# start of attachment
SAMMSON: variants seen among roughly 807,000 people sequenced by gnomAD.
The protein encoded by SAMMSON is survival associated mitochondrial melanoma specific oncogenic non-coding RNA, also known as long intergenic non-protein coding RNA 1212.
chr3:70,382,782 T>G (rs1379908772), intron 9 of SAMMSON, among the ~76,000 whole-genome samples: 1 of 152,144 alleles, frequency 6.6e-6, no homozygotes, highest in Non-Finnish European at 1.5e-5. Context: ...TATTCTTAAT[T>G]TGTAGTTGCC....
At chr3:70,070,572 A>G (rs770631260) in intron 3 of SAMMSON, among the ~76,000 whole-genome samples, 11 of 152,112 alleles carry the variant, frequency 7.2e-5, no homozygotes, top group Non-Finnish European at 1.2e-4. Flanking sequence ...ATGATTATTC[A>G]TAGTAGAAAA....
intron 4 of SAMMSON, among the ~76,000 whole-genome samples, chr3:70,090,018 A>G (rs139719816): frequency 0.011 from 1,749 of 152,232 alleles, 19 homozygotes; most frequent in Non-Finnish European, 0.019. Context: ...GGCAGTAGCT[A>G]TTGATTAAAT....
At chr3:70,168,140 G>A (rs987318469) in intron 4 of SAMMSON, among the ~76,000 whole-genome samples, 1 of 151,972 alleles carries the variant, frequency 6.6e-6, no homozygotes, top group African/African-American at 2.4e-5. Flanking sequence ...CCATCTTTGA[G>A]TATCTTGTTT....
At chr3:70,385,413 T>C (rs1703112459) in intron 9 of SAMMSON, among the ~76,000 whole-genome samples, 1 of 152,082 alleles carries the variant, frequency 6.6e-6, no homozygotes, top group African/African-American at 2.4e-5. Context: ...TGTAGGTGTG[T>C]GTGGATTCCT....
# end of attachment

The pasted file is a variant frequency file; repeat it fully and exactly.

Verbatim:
SAMMSON: variants seen among roughly 807,000 people sequenced by gnomAD.
The protein encoded by SAMMSON is survival associated mitochondrial melanoma specific oncogenic non-coding RNA, also known as long intergenic non-protein coding RNA 1212.
chr3:70,382,782 T>G (rs1379908772), intron 9 of SAMMSON, among the ~76,000 whole-genome samples: 1 of 152,144 alleles, frequency 6.6e-6, no homozygotes, highest in Non-Finnish European at 1.5e-5. Context: ...TATTCTTAAT[T>G]TGTAGTTGCC....
At chr3:70,070,572 A>G (rs770631260) in intron 3 of SAMMSON, among the ~76,000 whole-genome samples, 11 of 152,112 alleles carry the variant, frequency 7.2e-5, no homozygotes, top group Non-Finnish European at 1.2e-4. Flanking sequence ...ATGATTATTC[A>G]TAGTAGAAAA....
intron 4 of SAMMSON, among the ~76,000 whole-genome samples, chr3:70,090,018 A>G (rs139719816): frequency 0.011 from 1,749 of 152,232 alleles, 19 homozygotes; most frequent in Non-Finnish European, 0.019. Context: ...GGCAGTAGCT[A>G]TTGATTAAAT....
At chr3:70,168,140 G>A (rs987318469) in intron 4 of SAMMSON, among the ~76,000 whole-genome samples, 1 of 151,972 alleles carries the variant, frequency 6.6e-6, no homozygotes, top group African/African-American at 2.4e-5. Flanking sequence ...CCATCTTTGA[G>A]TATCTTGTTT....
At chr3:70,385,413 T>C (rs1703112459) in intron 9 of SAMMSON, among the ~76,000 whole-genome samples, 1 of 152,082 alleles carries the variant, frequency 6.6e-6, no homozygotes, top group African/African-American at 2.4e-5. Context: ...TGTAGGTGTG[T>C]GTGGATTCCT....